Massive Changes to RMDs From Stimulus Plan
Stimulus Plan Brings Massive Changes to RMDs and Retirement Contributions
“Here are the highlights of the most recent tax changes found in the $2 trillion coronavirus relief bill, which the Senate has approved, and the House passed recently.”
Several of the provisions that were signed into law in the relief bill can taken advantage of immediately, reports Financial Planning in the article “Major changes in RMDs and retirement contributions in $2T stimulus plan.” Here are some highlights.
Extended Deadline for 2019 IRA Contributions Gives Taxpayers More Time to Decide
Extended deadline for 2019 IRA contributions. With the tax return filing date extended to July 15, 2020 from April 16, the date for making 2019 contributions to IRA and Roth IRA contributions has also been extended to the same date. Those contributions normally must be made by April 15 of the following year, but this is no normal year. There have never been extensions to the April 15 deadline, even when taxpayers filed for extensions.
When this tax return deadline was extended, most financial professionals doubted the extension would only apply to IRA contributions, but the IRS responded in a timely manner, issuing guidance titled “Filing and Payment Deadlines Questions and Answers.” These changes give taxpayers more time to decide if they still want to contribute, and how much. Job losses and market downturns that accompanied the COVID-19 outbreak have changed the retirement savings priorities for many Americans. Just be sure when you do make a contribution to your account, note that it is for 2019 because financial custodians may just automatically consider it for 2020. A phone call to confirm will likely be in order.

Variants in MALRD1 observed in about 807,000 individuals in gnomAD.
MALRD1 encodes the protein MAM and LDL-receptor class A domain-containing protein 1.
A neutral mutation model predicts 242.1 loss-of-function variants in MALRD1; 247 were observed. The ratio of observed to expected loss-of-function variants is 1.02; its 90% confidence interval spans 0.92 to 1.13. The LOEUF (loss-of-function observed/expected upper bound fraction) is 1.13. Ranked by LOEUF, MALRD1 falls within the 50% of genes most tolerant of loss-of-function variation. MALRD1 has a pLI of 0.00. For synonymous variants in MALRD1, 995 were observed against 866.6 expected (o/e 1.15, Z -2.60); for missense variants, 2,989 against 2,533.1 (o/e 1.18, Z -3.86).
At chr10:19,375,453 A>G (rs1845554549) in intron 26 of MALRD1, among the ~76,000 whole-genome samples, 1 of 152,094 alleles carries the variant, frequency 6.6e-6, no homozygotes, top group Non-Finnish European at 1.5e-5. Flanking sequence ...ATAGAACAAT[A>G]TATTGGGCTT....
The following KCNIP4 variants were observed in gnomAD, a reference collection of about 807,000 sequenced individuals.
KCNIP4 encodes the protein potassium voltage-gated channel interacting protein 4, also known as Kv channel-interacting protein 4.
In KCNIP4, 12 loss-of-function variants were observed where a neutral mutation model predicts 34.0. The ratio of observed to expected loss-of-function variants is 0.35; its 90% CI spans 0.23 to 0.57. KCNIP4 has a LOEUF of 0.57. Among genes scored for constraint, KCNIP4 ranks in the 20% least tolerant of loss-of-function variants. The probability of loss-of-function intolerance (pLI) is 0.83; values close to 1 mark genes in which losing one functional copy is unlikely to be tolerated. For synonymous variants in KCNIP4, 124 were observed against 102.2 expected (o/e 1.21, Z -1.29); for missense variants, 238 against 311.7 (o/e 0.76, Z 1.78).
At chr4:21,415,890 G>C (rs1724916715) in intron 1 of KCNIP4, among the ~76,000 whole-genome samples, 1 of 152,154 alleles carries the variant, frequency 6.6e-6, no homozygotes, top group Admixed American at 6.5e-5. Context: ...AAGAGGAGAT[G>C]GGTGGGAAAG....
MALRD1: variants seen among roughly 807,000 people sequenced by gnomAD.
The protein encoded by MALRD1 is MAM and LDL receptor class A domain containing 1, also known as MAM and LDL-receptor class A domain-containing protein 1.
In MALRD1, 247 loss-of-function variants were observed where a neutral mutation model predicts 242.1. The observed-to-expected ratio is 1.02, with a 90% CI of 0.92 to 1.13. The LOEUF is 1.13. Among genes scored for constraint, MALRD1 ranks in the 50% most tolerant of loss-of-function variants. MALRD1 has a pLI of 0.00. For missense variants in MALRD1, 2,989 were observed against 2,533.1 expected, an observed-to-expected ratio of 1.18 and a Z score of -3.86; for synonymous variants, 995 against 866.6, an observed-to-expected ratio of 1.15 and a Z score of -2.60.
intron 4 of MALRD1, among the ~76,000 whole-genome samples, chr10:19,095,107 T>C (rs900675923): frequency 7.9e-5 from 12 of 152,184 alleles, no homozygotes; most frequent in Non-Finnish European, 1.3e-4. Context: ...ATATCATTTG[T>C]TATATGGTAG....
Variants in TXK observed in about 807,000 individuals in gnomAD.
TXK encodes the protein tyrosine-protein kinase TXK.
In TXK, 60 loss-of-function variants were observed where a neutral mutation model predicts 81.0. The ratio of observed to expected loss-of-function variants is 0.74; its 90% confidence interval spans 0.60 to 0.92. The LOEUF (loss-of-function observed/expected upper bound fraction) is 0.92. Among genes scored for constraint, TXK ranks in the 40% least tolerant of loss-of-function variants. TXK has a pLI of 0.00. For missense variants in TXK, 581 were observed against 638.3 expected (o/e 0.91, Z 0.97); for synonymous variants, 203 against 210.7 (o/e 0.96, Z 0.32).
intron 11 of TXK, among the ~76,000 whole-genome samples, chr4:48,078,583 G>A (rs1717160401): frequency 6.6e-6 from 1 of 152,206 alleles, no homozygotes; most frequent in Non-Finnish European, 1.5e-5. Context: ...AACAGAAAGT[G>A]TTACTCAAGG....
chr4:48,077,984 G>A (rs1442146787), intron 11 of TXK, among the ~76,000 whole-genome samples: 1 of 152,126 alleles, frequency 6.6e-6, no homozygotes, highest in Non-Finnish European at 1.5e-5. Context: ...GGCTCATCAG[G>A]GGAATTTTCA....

RMDs Waived for 2020, Lowering Tax Bills for Those Who Don't Need to Take Money from Accounts
Beneficiaries Inheriting Retirement Accounts Get Extra Time to Withdraw Funds
Early Distribution Penalty Waived for 'Affected Individuals' Under New Act
Additional relief for retirement accounts. The new act also waives the early 10% early distribution penalty on up to $100,000 of 2020 distributions from IRAs and company plans for ‘affected individuals.’ The tax will still be due, but it can be spread over three years and the funds may be repaid over the three-year period.
Many changes have been implemented from the new legislation. Speak with your estate planning attorney to be sure that you are taking full advantage of the changes and not running afoul of any new or old laws regarding retirement accounts.
Reference: Financial Planning (March 27, 2020) “Major changes in RMDs and retirement contributions in $2T stimulus plan”